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Mnangagwa’s trip of shame


Luring diaspora investors, while denying them vote



THE ministry of Foreign Affairs and International Trade will in April host the Invest in Africa Conference (IAC) and the Eighth Pan-African Conference (PAC) to lure the diaspora community to invest more in Zimbabwe, despite denying the foreign-based citizens the right to vote in the August general elections.


The conference will be jointly hosted by the ministry, the Zimbabwe Investment Development Agency (Zida) and the Africa Diaspora Development Institute (ADDI) at the Harare International Conference Centre from 12 to 17 April.

The conference is envisaged to enable the government to use the diaspora community to boost the image of the country to the outside world in the name of “Pan-Africanism”, yet the Zimbabwean authorities are denying foreign-based citizens the right to vote.

The ministry said the conference will, “provide a platform to improve the image of the country to the outside world and encourage diaspora investment back home”.

“Establish a platform where diaspora investors interact with local entrepreneurs, partners, collaborators, and government officials and initiate direct business deals for mutual benefits,” added the ministry.

At the conference, PAC is going to promote Pan-Africanism although the ministry of foreign affairs and international trade has repeatedly ignored the plea for a diaspora vote in the elections.

“PAC will promote Pan-Africanism through business, trade and cultural exchange forums expected to take place during the conference,” said the ministry.

President Emmerson Mnangagwa’s administration has over the years come under heavy criticism for seeking to abuse diasporans by encouraging them to remit money back home and luring them to invest in the country while denying them the right to vote.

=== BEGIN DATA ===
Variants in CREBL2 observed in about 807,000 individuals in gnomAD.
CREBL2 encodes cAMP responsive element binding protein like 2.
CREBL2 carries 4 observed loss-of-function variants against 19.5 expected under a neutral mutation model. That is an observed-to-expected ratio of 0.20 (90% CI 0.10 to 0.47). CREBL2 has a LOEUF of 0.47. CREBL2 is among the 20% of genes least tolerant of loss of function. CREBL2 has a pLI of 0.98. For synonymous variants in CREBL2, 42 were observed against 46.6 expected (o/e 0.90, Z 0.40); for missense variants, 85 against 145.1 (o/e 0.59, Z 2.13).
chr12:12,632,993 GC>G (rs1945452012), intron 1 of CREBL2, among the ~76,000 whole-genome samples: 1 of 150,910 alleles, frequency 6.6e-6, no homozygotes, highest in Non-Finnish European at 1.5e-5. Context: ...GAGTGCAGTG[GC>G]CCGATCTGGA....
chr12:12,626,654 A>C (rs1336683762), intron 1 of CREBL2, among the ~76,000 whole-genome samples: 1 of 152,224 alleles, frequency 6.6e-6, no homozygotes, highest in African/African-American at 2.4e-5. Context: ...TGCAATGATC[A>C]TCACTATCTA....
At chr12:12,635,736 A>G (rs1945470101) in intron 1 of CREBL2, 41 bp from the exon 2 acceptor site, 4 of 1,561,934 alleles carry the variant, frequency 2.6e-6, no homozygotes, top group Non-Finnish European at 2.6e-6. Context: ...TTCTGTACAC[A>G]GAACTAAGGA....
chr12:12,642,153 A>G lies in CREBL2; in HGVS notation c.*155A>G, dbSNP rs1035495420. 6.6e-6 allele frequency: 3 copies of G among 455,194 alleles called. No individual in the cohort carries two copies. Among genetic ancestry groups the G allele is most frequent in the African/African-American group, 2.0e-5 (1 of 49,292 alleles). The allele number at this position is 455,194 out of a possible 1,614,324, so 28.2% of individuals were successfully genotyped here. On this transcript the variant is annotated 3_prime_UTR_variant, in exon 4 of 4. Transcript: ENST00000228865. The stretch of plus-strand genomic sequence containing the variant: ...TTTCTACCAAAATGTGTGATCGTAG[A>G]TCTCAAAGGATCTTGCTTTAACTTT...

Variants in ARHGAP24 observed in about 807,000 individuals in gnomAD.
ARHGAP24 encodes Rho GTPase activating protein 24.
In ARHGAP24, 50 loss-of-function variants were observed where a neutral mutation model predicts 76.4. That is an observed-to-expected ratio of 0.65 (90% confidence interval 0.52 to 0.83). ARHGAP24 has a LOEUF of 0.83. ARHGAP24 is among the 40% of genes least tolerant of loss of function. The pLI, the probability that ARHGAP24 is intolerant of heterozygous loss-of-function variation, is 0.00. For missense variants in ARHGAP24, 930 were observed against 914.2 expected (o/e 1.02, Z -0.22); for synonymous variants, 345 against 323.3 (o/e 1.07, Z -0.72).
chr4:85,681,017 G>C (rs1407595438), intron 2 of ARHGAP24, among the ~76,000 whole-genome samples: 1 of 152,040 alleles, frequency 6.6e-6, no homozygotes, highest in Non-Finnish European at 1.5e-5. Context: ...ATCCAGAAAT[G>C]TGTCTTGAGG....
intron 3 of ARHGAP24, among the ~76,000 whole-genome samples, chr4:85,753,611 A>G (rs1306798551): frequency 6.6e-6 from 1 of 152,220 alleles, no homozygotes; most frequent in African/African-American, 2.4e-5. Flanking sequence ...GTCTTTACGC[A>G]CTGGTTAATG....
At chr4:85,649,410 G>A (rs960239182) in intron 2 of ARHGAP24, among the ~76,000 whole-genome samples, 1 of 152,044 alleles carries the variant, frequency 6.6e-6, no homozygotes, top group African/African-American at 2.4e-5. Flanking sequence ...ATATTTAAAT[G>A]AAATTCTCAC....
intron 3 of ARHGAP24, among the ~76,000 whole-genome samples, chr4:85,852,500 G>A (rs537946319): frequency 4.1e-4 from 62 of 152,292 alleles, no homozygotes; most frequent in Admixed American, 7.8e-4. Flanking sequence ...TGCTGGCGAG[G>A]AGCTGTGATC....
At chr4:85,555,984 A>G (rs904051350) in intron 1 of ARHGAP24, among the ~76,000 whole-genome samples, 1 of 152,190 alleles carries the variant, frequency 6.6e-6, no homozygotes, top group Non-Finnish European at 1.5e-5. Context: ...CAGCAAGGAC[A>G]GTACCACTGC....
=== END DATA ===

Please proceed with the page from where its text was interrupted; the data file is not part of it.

The country continues to rake in billions of dollars in remittances from the diaspora, which are contributing to foreign currency inflows and keeping the country afloat.

Last year, remittances reached US$1.66 billion, a 16% increase from US$1.43 billion in 2021.

Meanwhile, total international remittances rose to US$2.8 billion from US$2.4 billion.

When the diaspora community protested to have their votes counted, Justice minister Ziyambi Ziyambi said the country’s constitution only allowed voting in the 210 constituencies that are inside Zimbabwe and nowhere else.

The cabinet said it created a diaspora-friendly environment policy framework that would assist the country to harness social, economic, political and cultural dividends, which could help propel development.

However, the policy sought to exploit the diasporans for economic development which blocking them from participating in the political affairs of the country.

Millions of Zimbabweans are outside the country mainly in countries like South Africa, Botswana, United Kingdom, Australia, and the United States as economic and political refugees.

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